Grapefruit is an excellent source of vitamin C as well as antioxidants, which both help support the immune system and two powerful liver cleansers. Phytonutrients in grapefruit called limonoids inhibit tumor formation by promoting the formation of glutathione-S-transferase, a detoxifying enzyme. This enzyme sparks a reaction in the liver that helps to make toxic compounds more water soluble for excretion from the body. Grapefruit increases the natural cleansing processes of the liver. It also contains a flavonoid compound known as naringenin that causes the liver to burn fat rather than store it.


Beets are a unique source of phytonutrients called betalains (betanin and vulgaxanthin). Betalains provide antioxidant, anti-inflammatory, and Phase 2 detoxification support for the liver. Phase 2 is the metabolic step that our cells use to hook activated, unwanted toxic substances up with small nutrient groups. This “hook up” process effectively neutralizes the toxins and makes them sufficiently water-soluble for excretion in the urine. Beets are also a very good source of the antioxidants manganese and vitamin C.


Carrots are extremely high in antioxidants, like beta-carotene, and phytonutrients. The rich carotenoid content of carrots helps prevent oxidative damage inside our body. Carrots are very high in Vitamin A, as well as vitamin K.

Green Tea

Green tea is loaded with catechins, a type of plant antioxidant that has been shown in studies to eliminate liver fat accumulation and promote proper liver function. This powerful herbal beverage also protects the liver against toxins that would otherwise accumulate and cause serious damage.


Apples are high in the soluble fibre pectin, which can help detox metals and food additives from your body. Apples also contain many beneficial phytochemicals used in the detoxification process, including flavonoids that help stimulate bile production which helps with detox as the liver gets rid of some toxins through the bile. Make sure to eat only organic apples because the non-organic varieties are among the top 12 foods that have been found to contain the most pesticide residues.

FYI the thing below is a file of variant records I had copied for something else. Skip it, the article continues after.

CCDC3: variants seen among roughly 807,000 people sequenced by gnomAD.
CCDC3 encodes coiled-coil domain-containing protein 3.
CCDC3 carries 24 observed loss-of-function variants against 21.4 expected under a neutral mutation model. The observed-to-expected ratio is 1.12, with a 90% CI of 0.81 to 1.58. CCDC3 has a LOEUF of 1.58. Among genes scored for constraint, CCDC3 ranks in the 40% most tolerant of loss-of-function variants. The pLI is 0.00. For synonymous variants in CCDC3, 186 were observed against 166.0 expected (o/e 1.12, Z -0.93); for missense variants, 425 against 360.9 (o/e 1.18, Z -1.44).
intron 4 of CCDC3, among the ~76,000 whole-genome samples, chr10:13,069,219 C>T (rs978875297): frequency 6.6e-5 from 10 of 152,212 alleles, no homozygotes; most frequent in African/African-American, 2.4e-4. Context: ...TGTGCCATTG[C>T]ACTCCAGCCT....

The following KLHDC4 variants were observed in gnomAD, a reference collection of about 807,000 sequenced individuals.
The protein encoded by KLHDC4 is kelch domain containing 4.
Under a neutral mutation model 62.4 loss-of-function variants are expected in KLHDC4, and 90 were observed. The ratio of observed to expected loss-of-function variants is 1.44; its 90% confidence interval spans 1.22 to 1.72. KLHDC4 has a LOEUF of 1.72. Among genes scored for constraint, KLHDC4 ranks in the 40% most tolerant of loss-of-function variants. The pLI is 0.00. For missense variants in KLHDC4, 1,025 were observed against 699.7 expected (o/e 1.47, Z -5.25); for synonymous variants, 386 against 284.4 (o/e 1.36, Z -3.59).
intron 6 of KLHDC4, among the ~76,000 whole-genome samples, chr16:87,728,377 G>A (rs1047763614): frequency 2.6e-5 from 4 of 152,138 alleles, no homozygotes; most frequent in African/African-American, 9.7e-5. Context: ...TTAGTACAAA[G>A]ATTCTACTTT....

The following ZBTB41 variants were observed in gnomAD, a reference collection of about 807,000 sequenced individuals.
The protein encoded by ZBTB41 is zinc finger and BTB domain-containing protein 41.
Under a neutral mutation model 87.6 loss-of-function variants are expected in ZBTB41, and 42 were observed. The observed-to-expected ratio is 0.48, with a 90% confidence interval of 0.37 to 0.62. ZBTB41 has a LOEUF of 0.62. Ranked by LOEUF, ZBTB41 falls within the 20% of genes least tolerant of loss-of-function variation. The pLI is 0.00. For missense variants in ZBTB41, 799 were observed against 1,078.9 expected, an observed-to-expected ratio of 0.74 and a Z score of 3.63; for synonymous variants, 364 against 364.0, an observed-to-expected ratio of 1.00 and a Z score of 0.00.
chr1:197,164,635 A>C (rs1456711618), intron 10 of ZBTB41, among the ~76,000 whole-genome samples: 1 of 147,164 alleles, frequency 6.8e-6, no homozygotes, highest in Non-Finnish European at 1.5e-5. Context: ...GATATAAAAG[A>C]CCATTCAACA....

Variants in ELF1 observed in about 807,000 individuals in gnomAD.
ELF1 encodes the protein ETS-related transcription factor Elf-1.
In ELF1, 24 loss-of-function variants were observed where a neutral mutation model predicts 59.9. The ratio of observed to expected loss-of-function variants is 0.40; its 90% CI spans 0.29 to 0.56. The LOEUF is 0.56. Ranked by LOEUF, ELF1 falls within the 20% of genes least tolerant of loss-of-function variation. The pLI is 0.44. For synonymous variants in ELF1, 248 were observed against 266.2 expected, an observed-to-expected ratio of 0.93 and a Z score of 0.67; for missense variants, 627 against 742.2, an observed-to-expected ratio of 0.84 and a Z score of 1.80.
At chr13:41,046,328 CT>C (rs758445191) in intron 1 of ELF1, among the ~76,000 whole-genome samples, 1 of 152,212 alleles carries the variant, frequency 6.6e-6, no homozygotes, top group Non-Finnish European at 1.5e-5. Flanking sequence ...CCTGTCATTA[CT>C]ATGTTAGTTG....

Broccoli contains anti-inflammatory nutrients, antioxidant nutrients, detox-support nutrients, and anti-cancer nutrients. Broccoli contains phytonutrients in a special combination that support all steps in body’s detox process, including activation, neutralization, and elimination of unwanted contaminants. Broccoli is also extremely rich in vitamin K, vitamin C, chromium and folate.


Lemon stimulates the release of enzymes and helps convert toxins into a water-soluble form that can be easily excreted from the body. Lemons contain high amounts of vitamin C, which is needed by the body to make glutathione. Glutathione helps ensure that phase 2 liver detoxification keeps pace with phase 1, thereby reducing the likelihood of negative effects from environmental chemicals. Drinking lemon water, which is alkaline-forming, first thing in the morning will help stimulate the liver.

Argula/rocket and other Bitter Greens

Bitter greens include arugula, endive, dandelion greens and spinach. The bitter flavor in these foods actually detoxifies your liver by increasing bile flow, while the greens themselves flush out toxins.

Walnuts and Brazil Nuts

Walnuts contain the amino acid arginine, which is necessary to help the liver detoxify ammonia. Walnuts are also high in glutathione and omega-3 fatty acids, both of which are known to support healthful liver detoxification. Brazil nuts are one of the most concentrated food sources of selenium. Selenium is an antioxidant that helps protect against damage to liver cells, mobilizes cancer-fighting cells, strengthens immunity and contributes to tissue elasticity – an essential for healthful liver tissue.